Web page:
THE renaming of Kings Square moved to the next phase this week, with Fremantle council launching its public consultation – and John Curtin Square is apparently trending early.
In February this year the council voted to rename the square after discussing a list of Noongar names with local elders and the South West Aboriginal Land and Sea Council.
Mayor Brad Pettitt said it “was in the spirit of our Walyalup Reconciliation Action Plan and the state-wide Aboriginal Place Names Initiative to preserve and reawaken local Aboriginal languages”.
Staff initially recommended councillors adopt Midgegooroo Square after the Noongar leader, but finance, policy, operations and legislations committee chair Hannah Fitzhardinge hosed that down and called for consultation to allow a range of names to be put forward by the community for consideration.
“We want to make sure the name is one that reflects the views of our community,” Cr Fitzhardinge said.
The WAFL grand final in Freo has led to a flurry of footy-related names, she said, including Pavlich Piazza. There’s also been a push to have the city’s Italian heritage recognised.
Cr Fitzhardinge says Midgegooroo Square still has many supporters, and while one aim of a Noongar name was to be educative, she acknowledges there are fears it may be too much of a mouthful for visitors.
“I like Manjaree, which means a place where people come together and trade, and that’s exactly what a civic square is about,” she said.
Once a long-list has emerged, it will be run past a steering committee with representatives from the council, Sirona Capital, St John’s Church, the Department of Communities and Fremantle Chamber of Commerce.
Cr Fitzhardinge said the council hoped to have the name sorted in time for the square’s expected opening around March/April next year.
Fremantle Society president John Dowson was pretty clear about his name preference: King’s Square.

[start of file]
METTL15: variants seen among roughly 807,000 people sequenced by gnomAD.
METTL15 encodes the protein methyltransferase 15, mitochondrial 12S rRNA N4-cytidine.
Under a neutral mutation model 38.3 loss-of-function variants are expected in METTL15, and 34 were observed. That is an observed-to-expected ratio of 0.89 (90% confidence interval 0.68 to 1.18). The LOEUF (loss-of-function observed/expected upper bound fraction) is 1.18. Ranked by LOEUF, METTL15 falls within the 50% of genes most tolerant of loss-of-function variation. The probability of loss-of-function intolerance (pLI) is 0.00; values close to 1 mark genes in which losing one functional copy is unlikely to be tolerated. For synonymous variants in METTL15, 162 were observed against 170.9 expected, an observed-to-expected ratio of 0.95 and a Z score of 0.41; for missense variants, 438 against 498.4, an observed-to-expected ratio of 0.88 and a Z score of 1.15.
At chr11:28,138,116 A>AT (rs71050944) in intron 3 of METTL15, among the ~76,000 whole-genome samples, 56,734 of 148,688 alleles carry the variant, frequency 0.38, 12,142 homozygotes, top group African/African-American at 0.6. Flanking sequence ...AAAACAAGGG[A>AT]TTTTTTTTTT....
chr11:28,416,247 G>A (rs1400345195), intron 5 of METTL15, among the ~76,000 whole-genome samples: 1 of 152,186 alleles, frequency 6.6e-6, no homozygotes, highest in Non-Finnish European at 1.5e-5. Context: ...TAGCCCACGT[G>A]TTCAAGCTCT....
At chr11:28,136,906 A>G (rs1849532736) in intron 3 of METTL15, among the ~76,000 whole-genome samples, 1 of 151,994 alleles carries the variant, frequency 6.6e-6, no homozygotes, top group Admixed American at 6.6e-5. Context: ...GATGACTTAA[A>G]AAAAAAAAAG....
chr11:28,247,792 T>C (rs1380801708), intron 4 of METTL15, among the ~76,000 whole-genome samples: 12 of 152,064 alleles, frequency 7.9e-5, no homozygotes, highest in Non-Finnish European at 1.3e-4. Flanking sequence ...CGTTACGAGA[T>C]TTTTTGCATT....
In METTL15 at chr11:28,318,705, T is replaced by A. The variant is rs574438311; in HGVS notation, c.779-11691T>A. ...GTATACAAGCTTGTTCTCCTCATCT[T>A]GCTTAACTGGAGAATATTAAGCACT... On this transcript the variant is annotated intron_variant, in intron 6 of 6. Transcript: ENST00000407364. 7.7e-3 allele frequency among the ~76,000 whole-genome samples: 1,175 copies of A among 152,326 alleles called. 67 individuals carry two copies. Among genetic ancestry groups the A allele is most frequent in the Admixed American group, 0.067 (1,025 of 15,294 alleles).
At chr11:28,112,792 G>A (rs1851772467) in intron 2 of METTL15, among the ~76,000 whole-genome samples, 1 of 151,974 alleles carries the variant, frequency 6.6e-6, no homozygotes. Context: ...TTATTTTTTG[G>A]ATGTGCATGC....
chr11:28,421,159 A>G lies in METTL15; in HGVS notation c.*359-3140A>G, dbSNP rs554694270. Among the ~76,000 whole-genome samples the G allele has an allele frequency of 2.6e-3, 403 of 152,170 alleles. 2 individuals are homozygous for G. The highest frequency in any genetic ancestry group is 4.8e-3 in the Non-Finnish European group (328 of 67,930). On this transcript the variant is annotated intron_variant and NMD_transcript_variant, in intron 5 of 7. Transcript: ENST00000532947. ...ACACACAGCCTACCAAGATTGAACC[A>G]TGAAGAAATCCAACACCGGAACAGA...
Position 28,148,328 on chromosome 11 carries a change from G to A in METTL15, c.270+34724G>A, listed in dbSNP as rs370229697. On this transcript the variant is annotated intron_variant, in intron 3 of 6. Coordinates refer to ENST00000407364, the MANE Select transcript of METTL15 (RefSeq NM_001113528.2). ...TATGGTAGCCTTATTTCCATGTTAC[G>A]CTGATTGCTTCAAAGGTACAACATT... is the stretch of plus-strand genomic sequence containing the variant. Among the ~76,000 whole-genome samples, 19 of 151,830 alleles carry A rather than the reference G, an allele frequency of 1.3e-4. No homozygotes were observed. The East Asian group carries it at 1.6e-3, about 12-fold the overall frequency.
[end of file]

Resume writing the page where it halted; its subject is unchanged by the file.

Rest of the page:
“Please go to Have My Say on Fremantle council’s website and have your say on this sickening ideology in a world famous heritage town,” Mr Dowson urged members in an e-letter.
LITTLE is known about Midgegooroo prior to European settlement, though he was clearly the leader of a kinship group who’s territory stretched south of the Swan River from the ocean to the Canning River.
His main hearth appears to have been around Blackwall Reach and he had at least two wives, one named Ganiup. Wikipedia lists his four sons as Yagan, Narral, Billy and Willim, however settler George Fletcher Moore listed “Naral” and “Willim” as Yagan’s sons in an account of one of his numerous meetings with him.
His first appearance in European records has been tentatively put at May 1830, when an older Noongar was reported to have been beaten by a military detachment after being found plucking a couple of turkeys taken from a farm.
A day later farmer JR Phillips was injured in an attack near Kelmscott, with some conjecture this might have been payback for the previous days’ beating.
Midgegooroo continued to have fractious relations with the new arrivals on his land, reportedly throwing a spear at businessman Lionel Samson’s servant James Lacey in early 1831 when he was unhappy with the number of biscuits he had been given.
A few weeks later, the tensions exploded following the shooting near Point Walter of a Noongar man who had been taking potatoes from a farmer’s field. Midgegooroo and Yagan attacked the farm and killed